New Comedy ‘Ramy’ With Muslim POV Called Some of This Decade’s Best TV
Early reviews have commented on its prevalent humor and universal themes, such as Ramy’s struggles to win the approval of his religious parents, whom he still lives with in his twenties.
“Ramy” is a new sitcom that is breaking new ground, centering on a young Arab Muslim American character.
The new comedy series is co-created by and starring comedian Ramy Youssef, and executive produced by Jerrod Carmichael (“The Carmichael Show”) and Bridget Bedard (“Transparent”).
Based on Youssef’s real-life experiences, the series centers on the contemporary life of a first-generation American Muslim man living in a politically divided neighborhood in New Jersey. It “explores the challenges of what it’s like being caught between an Egyptian community that thinks life is a moral test, and a Millennial generation that thinks life has no consequences.”
Early reviews have commented on its prevalent humor and universal themes, such as Ramy’s struggles to win the approval of his religious parents, whom he still lives with in his twenties. Another major theme includes Ramy’s attempts to navigate dating life for the first time with a desire to date a Muslim woman. Ramy also struggles for job security, working at a tech startup with all of its typically dubious ramifications.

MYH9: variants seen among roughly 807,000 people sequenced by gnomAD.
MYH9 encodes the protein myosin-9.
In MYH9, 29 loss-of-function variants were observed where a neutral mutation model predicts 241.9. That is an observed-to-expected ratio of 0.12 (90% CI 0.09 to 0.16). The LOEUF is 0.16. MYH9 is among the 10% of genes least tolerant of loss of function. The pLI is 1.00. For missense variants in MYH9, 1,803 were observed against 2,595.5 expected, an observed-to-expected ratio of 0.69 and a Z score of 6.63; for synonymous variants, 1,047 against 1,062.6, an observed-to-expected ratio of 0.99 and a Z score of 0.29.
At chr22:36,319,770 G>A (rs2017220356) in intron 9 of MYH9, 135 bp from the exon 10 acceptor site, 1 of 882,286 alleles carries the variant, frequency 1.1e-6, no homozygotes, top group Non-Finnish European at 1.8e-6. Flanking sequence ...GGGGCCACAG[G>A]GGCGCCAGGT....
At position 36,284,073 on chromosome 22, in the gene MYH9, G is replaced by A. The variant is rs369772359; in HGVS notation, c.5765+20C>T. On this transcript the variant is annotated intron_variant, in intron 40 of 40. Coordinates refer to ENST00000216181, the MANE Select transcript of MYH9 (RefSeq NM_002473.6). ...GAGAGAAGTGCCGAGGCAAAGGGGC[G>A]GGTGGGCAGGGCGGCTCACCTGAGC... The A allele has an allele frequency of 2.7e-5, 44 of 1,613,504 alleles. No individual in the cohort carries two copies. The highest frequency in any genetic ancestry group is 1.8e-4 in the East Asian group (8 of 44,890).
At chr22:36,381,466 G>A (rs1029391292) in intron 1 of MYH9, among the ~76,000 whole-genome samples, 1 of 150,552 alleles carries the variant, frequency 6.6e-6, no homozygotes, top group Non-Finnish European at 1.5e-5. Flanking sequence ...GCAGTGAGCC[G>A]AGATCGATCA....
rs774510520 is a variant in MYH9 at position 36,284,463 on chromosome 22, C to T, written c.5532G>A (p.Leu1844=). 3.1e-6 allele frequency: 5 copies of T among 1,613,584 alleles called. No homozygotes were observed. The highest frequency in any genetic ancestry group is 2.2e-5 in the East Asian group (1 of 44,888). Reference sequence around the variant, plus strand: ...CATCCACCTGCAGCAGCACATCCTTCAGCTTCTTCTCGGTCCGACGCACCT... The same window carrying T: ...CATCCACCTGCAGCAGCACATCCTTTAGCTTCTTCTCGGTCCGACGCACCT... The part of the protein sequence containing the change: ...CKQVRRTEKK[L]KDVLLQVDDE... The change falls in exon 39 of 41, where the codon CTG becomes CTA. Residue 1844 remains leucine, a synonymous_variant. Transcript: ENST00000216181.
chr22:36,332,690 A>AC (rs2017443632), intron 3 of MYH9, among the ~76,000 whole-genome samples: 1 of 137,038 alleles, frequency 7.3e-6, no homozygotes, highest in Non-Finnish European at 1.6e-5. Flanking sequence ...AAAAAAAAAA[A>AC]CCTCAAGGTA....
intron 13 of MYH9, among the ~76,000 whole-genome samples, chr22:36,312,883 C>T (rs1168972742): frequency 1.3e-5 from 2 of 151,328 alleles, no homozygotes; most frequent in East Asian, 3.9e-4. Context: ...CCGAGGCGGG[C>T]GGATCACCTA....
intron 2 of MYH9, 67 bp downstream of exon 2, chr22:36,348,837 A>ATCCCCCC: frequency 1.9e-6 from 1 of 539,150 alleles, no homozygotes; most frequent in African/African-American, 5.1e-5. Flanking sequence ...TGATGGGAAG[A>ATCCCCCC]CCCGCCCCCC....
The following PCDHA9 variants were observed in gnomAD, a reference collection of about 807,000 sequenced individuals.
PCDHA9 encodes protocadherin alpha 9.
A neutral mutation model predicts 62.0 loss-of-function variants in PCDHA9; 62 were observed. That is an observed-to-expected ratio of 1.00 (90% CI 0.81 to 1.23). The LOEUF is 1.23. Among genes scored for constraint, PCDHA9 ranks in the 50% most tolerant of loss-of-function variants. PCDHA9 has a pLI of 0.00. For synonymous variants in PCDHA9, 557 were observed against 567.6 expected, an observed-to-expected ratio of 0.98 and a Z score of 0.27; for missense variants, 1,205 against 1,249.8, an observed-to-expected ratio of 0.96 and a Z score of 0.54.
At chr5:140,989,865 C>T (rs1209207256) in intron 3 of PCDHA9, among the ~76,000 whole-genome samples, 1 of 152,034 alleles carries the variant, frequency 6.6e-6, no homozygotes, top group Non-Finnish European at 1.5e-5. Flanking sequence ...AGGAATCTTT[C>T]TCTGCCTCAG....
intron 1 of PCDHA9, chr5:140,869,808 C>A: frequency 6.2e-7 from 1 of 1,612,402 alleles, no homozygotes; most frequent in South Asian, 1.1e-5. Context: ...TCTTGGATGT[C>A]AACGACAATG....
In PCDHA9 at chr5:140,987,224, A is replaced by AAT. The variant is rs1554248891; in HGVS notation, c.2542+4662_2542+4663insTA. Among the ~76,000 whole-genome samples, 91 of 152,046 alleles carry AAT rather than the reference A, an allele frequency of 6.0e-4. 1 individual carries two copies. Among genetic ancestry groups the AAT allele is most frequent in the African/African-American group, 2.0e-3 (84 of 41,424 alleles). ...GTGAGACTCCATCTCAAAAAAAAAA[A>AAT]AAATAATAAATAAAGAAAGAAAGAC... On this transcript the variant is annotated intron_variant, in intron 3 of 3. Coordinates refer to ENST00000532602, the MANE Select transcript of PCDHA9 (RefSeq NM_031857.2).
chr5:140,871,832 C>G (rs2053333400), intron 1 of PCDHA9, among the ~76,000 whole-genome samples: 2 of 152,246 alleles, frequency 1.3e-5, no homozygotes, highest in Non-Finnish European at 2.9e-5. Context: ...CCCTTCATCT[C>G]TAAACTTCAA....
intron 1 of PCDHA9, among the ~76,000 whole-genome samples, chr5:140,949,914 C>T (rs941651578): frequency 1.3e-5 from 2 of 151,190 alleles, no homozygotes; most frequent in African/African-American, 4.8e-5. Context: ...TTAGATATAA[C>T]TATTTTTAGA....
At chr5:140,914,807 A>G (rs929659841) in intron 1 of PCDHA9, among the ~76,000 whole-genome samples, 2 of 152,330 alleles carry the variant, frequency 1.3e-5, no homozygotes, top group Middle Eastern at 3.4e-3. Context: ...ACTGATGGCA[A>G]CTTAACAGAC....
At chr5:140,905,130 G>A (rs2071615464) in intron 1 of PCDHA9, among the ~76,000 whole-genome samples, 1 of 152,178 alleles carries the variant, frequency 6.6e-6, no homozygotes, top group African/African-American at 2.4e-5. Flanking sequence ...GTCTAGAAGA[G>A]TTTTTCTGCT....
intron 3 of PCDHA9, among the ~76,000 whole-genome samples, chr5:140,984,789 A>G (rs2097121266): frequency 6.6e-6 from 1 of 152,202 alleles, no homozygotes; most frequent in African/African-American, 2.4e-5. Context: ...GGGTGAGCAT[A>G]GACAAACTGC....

The series features scenes where characters, such as Ramy’s traditional parents, speak in Arabic (with English subtitles), highlighting the culture clash of many first-generation Americans, although it’s noted that Ramy embraces his roots overall.
Critics have lauded the show’s positive and accepting perspective on Muslim religion, as well its portrayal of the racism that Ramy and his family face every day, nonetheless. There’s a flashback episode included, where a teenaged Ramy reacts to the devastating aftermath of 9/11.
“I don’t know what I’m doing, man,” Ramy confesses in one scene. “I look at my parents and how strong they are, and how they just know everything’s going to be okay because they have God.”
The show also explores gender roles in Muslim culture, highlighting the plight of Ramy’s mother and sister, for instance.
Entertainment Weekly declared that the new comedy “resembles some of this decade’s best TV” and that it “is essential viewing, a family TV show about a family that TV’s never fully shown, until now.”
“Ramy” will premiere on Hulu on April 19, and have its world premiere during the 2019 South by Southwest film festival in Austin, Texas.
Leave a Comment